Women with polycystic ovary syndrome (PCOS) are at increased risk for metabolic and cardiovascular disease, an Australian retrospective cohort study found.
Besides facing infertility, women with PCOS are more likely to be hospitalized for reasons unrelated to reproductive health or injury than their counterparts, the researchers reported in the Endocrine Society's Journal of Clinical Endocrinology & Metabolism.
Miscarriages, ectopic pregnancies, irregular menstrual cycles, endometriosis, endometrial cancer, heart disease, asthma, musculoskeletal disorders, late-onset diabetes, high blood pressure, and mental health conditions were all associated with a diagnosis of PCOS, the analysis found (Table).
"PCOS has profound implications for a woman's reproductive health as well as her long-term risk of chronic illness," said one of the study's authors, Roger Hart, MD, MRCOG, FRANZCOG, CREI, of the University of Western Australia and Fertility Specialists of Western Australia, both in Perth, Australia. "Our study indicates women who have PCOS have twice as many hospital admissions as women without the condition. Additional health care resources should be directed to address the risks facing this population."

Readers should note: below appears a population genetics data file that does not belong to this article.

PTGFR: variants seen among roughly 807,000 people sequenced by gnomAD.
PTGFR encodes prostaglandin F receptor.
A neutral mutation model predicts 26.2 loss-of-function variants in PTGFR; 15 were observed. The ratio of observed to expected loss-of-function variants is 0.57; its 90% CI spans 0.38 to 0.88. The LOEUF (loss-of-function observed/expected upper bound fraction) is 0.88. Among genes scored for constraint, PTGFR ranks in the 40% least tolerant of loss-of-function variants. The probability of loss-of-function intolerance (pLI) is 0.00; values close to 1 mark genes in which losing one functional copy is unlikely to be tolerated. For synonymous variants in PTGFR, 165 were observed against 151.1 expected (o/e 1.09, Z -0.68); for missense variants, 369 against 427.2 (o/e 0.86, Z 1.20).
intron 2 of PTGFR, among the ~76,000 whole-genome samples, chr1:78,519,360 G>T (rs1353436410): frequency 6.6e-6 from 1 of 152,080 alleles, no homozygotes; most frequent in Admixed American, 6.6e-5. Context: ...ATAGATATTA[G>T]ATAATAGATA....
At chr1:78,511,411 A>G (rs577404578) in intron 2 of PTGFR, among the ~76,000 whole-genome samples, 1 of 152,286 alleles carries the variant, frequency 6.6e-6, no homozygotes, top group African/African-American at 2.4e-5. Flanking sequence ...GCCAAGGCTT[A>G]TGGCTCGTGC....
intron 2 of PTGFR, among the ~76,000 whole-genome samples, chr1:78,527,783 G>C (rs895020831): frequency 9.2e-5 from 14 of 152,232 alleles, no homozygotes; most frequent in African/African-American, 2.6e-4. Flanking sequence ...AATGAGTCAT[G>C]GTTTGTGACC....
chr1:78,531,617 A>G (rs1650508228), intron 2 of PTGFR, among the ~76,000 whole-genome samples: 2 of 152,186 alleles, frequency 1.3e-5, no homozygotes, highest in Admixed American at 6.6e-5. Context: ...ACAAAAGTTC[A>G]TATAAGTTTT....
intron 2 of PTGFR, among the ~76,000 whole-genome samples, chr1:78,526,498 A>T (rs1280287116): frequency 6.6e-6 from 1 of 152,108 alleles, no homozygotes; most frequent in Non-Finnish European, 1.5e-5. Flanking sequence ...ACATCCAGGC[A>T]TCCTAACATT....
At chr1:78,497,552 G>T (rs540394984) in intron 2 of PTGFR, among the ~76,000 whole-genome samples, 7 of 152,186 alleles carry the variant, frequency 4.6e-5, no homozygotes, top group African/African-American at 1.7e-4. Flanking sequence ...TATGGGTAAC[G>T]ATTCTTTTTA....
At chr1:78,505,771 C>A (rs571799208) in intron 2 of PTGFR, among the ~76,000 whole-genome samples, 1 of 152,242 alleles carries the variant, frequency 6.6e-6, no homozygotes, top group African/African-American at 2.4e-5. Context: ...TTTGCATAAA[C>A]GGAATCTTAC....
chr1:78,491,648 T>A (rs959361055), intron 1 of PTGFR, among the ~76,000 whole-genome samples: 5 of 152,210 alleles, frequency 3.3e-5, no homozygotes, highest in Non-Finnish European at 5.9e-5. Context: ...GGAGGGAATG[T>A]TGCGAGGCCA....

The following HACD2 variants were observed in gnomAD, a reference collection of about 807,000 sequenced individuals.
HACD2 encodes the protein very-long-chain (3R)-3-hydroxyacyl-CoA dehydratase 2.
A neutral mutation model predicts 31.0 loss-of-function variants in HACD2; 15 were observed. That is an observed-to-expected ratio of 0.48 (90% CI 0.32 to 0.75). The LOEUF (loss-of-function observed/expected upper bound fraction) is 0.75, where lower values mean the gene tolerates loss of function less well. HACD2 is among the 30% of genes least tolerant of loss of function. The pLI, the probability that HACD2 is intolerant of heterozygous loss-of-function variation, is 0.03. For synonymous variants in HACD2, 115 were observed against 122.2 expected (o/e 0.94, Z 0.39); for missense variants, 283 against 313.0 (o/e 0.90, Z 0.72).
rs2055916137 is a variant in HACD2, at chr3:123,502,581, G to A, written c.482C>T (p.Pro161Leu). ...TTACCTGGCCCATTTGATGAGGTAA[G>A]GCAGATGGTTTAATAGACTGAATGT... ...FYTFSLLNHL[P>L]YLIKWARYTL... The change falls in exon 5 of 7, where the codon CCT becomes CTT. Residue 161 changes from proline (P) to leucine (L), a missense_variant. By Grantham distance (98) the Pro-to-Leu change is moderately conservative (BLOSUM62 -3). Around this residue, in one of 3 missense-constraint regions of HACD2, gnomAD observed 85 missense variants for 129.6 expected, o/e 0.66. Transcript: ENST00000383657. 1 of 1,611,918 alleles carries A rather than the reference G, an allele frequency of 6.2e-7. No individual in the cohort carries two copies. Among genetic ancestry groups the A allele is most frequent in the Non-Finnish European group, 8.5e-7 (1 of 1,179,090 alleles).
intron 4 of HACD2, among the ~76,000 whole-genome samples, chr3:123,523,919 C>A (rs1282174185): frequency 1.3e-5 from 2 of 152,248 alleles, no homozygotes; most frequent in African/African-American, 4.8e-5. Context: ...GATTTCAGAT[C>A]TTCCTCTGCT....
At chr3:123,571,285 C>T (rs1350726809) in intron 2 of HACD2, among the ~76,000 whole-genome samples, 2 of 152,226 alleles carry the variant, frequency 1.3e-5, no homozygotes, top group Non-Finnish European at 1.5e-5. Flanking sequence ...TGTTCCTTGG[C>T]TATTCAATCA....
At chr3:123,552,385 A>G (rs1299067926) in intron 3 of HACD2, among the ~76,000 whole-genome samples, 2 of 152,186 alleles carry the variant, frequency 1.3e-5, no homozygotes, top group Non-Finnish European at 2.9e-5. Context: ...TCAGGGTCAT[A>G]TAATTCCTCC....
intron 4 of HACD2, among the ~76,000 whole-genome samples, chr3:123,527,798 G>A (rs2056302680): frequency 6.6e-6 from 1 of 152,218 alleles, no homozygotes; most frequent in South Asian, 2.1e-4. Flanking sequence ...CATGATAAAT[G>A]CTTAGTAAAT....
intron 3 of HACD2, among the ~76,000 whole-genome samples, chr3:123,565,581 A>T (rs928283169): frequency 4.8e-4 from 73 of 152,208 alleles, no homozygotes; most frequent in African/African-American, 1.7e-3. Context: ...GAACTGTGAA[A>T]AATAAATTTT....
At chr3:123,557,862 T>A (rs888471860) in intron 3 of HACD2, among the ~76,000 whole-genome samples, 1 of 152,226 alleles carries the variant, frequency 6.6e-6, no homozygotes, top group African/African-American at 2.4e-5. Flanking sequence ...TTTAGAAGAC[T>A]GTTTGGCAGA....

Hart and his colleagues examined health records for 2,566 women aged 15 and older who received a diagnosis of PCOS during a hospital visit in Western Australia between 1997 and 2011. The records were then compared with hospitalization records for 25,660 women of similar ages. Researchers tracked the participants' hospitalization records until the women reached a median age of 35.8 years.
The increased risks for disease were most pronounced when the researchers looked at metabolic and cardiovascular diseases. Of importance is that the associations are unlikely to slow down as women age, Hart said.
"Since only 25% of the women we studied were older than 40, we anticipate the rate of diagnosis would rise as these women continue to age," he explained.